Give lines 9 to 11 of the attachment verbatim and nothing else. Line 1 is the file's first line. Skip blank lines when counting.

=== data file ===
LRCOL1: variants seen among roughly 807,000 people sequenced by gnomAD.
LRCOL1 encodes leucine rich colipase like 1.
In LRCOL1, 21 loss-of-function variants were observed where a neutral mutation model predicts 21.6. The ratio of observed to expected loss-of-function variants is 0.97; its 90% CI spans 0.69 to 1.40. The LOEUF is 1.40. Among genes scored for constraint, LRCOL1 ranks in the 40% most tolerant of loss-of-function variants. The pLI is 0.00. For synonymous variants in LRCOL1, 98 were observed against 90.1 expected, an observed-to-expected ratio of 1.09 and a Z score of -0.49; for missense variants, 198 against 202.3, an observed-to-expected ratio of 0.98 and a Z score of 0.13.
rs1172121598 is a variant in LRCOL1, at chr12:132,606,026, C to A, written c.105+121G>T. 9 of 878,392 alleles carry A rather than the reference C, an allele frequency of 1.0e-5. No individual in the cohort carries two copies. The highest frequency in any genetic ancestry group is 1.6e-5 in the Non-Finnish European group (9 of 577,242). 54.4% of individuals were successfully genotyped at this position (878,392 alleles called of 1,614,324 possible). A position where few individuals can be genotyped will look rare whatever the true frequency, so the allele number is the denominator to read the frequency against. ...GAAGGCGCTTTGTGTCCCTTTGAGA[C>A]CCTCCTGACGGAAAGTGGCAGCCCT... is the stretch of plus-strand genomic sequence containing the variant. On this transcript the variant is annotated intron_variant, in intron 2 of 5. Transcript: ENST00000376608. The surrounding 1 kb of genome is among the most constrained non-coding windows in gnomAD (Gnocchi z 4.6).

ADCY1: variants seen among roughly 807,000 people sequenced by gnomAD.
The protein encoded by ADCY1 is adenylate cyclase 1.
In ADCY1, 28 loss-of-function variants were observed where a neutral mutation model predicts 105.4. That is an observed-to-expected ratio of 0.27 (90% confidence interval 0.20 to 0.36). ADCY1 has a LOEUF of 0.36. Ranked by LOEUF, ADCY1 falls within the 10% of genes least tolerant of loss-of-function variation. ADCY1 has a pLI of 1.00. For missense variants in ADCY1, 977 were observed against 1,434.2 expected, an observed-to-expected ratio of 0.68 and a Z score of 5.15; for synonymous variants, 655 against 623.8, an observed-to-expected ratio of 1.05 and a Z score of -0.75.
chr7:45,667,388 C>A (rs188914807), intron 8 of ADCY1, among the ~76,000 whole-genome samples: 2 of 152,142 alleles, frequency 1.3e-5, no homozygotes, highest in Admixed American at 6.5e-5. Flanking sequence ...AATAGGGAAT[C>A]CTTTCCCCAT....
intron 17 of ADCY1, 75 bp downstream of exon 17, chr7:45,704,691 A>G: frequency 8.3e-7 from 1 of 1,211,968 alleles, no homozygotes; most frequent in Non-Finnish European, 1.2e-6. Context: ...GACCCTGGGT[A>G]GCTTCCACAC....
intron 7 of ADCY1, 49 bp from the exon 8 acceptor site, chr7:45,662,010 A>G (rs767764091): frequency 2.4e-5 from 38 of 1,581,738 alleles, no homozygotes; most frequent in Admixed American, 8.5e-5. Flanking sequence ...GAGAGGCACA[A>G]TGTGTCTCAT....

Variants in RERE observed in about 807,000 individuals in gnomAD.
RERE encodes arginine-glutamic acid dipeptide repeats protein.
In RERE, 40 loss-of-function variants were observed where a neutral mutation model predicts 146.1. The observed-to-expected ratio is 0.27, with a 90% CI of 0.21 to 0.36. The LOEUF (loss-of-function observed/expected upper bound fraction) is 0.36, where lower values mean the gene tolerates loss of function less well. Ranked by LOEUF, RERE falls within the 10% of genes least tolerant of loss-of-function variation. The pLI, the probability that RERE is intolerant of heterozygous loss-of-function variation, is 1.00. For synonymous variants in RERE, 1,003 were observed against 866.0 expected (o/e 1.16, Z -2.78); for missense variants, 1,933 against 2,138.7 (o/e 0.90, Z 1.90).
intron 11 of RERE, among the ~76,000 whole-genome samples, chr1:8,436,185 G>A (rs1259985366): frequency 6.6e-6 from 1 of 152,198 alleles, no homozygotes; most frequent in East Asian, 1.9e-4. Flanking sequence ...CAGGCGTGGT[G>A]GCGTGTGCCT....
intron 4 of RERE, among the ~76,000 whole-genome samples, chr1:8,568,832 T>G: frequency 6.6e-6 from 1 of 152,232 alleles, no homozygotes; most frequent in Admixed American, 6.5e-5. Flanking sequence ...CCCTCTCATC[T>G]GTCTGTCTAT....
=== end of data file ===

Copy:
intron 17 of ADCY1, 75 bp downstream of exon 17, chr7:45,704,691 A>G: frequency 8.3e-7 from 1 of 1,211,968 alleles, no homozygotes; most frequent in Non-Finnish European, 1.2e-6. Context: ...GACCCTGGGT[A>G]GCTTCCACAC....
intron 7 of ADCY1, 49 bp from the exon 8 acceptor site, chr7:45,662,010 A>G (rs767764091): frequency 2.4e-5 from 38 of 1,581,738 alleles, no homozygotes; most frequent in Admixed American, 8.5e-5. Flanking sequence ...GAGAGGCACA[A>G]TGTGTCTCAT....

Variants in RERE observed in about 807,000 individuals in gnomAD.